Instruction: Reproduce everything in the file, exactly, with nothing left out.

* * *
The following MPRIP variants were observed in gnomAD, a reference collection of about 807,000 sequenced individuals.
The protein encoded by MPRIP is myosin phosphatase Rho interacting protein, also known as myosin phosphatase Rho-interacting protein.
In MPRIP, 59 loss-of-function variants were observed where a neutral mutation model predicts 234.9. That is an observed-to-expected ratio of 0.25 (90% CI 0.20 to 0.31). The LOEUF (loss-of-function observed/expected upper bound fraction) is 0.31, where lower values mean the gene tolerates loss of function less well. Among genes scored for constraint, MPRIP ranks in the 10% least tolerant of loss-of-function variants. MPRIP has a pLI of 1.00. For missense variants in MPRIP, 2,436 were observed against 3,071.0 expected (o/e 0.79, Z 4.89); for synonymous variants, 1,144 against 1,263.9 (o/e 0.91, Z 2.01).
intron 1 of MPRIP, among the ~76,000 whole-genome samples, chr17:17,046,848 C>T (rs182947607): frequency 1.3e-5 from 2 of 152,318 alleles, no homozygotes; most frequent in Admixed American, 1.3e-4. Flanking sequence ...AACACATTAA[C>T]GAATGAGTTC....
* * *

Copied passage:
The following MPRIP variants were observed in gnomAD, a reference collection of about 807,000 sequenced individuals.
The protein encoded by MPRIP is myosin phosphatase Rho interacting protein, also known as myosin phosphatase Rho-interacting protein.
In MPRIP, 59 loss-of-function variants were observed where a neutral mutation model predicts 234.9. That is an observed-to-expected ratio of 0.25 (90% CI 0.20 to 0.31). The LOEUF (loss-of-function observed/expected upper bound fraction) is 0.31, where lower values mean the gene tolerates loss of function less well. Among genes scored for constraint, MPRIP ranks in the 10% least tolerant of loss-of-function variants. MPRIP has a pLI of 1.00. For missense variants in MPRIP, 2,436 were observed against 3,071.0 expected (o/e 0.79, Z 4.89); for synonymous variants, 1,144 against 1,263.9 (o/e 0.91, Z 2.01).
intron 1 of MPRIP, among the ~76,000 whole-genome samples, chr17:17,046,848 C>T (rs182947607): frequency 1.3e-5 from 2 of 152,318 alleles, no homozygotes; most frequent in Admixed American, 1.3e-4. Flanking sequence ...AACACATTAA[C>T]GAATGAGTTC....